The so-called shadow education system of private supplementary tutoring has become a major phenomenon in all world regions. The metaphor of the shadow is used because much of the tutoring curriculum mimics that in regular schooling: as the curriculum changes in the schools, so it changes in the shadow. This chapter outlines the scale of shadow education in a range of countries, and considers the core factors shaping demand and supply. Subsequent sections focus on costs and effectiveness. Although shadow education consumes large portions of household budgets as well as much time from tutors, students and parents, research from an economic perspective is underdeveloped.
Junyan Liu and Mark Bray
Mark Bray and Peter Waring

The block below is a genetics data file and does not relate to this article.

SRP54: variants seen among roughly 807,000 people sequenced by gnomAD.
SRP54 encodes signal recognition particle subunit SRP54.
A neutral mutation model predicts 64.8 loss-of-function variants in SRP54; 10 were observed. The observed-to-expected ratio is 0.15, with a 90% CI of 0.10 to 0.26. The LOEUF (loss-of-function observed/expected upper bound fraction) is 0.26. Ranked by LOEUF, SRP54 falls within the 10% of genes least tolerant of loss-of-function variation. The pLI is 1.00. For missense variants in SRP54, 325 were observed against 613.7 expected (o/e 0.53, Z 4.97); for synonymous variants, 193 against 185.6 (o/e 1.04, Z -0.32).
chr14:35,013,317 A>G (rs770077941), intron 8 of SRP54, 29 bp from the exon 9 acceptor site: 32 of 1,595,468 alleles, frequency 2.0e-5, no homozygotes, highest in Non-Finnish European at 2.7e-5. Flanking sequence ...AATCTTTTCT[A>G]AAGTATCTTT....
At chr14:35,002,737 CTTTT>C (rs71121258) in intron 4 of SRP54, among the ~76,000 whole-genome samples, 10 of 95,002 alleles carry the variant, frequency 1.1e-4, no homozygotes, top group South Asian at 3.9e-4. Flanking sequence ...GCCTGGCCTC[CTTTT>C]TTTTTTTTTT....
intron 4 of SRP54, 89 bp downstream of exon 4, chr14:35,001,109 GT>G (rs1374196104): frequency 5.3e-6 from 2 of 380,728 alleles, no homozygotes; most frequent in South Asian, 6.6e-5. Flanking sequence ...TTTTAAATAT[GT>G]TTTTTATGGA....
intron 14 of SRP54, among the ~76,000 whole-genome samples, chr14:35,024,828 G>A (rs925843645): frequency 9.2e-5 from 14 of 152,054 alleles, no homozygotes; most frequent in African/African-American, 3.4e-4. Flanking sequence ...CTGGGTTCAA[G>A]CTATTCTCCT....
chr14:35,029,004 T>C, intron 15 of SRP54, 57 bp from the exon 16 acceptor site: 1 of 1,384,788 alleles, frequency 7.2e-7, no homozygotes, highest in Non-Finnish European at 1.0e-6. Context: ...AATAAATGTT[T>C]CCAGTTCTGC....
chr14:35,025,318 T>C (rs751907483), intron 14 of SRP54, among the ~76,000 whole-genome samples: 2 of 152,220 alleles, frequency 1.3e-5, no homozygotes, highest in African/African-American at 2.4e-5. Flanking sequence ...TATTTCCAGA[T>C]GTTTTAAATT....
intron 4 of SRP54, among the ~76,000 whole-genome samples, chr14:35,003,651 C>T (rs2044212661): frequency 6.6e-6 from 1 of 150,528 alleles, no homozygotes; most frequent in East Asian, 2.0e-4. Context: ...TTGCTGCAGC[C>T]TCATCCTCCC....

In this chapter the authors explore recent advances in Labour Regulation Theory. This exposition of modern theoretical developments follows a brief history of efforts to explain the processes by which the rules of work are determined and the substantive character of the rules themselves. The authors begin by tracing the evolution of bargaining structures theory, and discuss how our own contributed concepts of ‘complexity’ and ‘congruence’ help to address several shortcomings in the traditional theory. They also consider the way in which Labour Regulation Theory has been enriched through research on the influence of institutional and market forces on the shape of labour regulation as well as the contributions of the socio-legal theorists. The chapter, while pointing to the growing explanatory power of Labour Regulation Theory, also contemplates how it might be further enhanced in future.